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So insurance policy of corked bottles aside, is there a reliable way to determine for sure that the fermentation has stopped?
 

Arfermo 

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So insurance policy of corked bottles aside, is there a reliable way to determine for sure that the fermentation has stopped?
Yes - by killing the yeast by using sodium metabisulphate (2 powdered Campden tablets followed by stuff called "Sorbistat"). HOWEVER - if bubbling has only virtually stopped, it means either that the yeast has reached its saturation point by virtue of either alcohol or of its ability to use the sugar that was in the must in the first place. A hydrometer will tell you if the specific gravity is below 1000 and tasting or using an alcohol measure will tell you if the wine is at its optimum for drinking. If there isn't 12-13% alcohol or the hydrometer shows a reading above 1000, kill the yeast off as described above or fiddle about to bring the alcohol level up to 12 - 13% by volume by either adding sugar if the specific gravity is below 1000 or adding water to help the yeast restart fermentation to use up the residual sugar to get the reading down below 1000. Even then, safety first, stun and kill the residual yeast too.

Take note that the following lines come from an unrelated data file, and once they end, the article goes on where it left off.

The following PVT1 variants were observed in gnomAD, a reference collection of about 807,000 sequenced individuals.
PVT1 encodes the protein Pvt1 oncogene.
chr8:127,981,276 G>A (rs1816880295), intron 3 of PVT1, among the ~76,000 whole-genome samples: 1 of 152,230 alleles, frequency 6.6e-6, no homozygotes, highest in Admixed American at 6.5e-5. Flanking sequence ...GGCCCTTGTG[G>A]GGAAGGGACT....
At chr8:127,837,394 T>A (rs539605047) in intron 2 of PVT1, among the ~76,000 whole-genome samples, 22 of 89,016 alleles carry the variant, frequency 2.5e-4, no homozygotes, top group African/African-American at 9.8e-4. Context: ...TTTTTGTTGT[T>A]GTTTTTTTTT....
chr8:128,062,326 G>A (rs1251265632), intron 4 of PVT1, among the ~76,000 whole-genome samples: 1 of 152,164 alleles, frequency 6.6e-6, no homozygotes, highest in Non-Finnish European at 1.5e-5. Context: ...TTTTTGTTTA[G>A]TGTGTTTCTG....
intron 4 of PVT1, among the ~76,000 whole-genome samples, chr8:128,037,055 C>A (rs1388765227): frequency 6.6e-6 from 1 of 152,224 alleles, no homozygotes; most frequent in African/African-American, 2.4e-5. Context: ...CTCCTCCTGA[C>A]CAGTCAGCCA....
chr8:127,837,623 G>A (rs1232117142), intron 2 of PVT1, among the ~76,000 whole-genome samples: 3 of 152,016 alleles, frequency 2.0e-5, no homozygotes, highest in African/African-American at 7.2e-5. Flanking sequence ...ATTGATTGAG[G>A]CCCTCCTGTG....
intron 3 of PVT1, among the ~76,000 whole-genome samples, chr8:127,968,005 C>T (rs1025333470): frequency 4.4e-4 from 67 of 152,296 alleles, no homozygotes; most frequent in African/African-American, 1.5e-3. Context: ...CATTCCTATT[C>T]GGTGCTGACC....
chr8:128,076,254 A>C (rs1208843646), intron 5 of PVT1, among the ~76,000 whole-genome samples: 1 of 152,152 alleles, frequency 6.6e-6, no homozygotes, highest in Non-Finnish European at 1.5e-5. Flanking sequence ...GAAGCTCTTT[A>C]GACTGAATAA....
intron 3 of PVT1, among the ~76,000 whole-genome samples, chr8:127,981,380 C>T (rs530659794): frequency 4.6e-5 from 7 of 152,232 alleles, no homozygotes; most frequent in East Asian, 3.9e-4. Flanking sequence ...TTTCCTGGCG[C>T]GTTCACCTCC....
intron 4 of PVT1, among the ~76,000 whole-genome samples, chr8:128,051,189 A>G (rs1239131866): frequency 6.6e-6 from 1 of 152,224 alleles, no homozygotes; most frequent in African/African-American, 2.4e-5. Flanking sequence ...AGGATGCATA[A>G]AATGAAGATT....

Poly Hive 

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FWIW.

I used to put i four pounds of honey per gallon so 20lbs per five gallons.

I no longer have my wine making kit so no longer have a hydrometer to look at to refresh the memory but roughly it was over 1110 I think. I then had a drop of about 100 and the best I ever had came out at 995, that I do remember clearly as the resulting mead was VERY dry and ever so ever so strong....

I did boil my honey and did skim it carefully. I know some say do so and others say just get in dissolved.

Oh and if you have a batch that just stays positive in the blooper and seems not to be working, just exercise some patience and it will pay off, same as patience with bees does. Consider it winter training...LOL

Hope this helps.

PH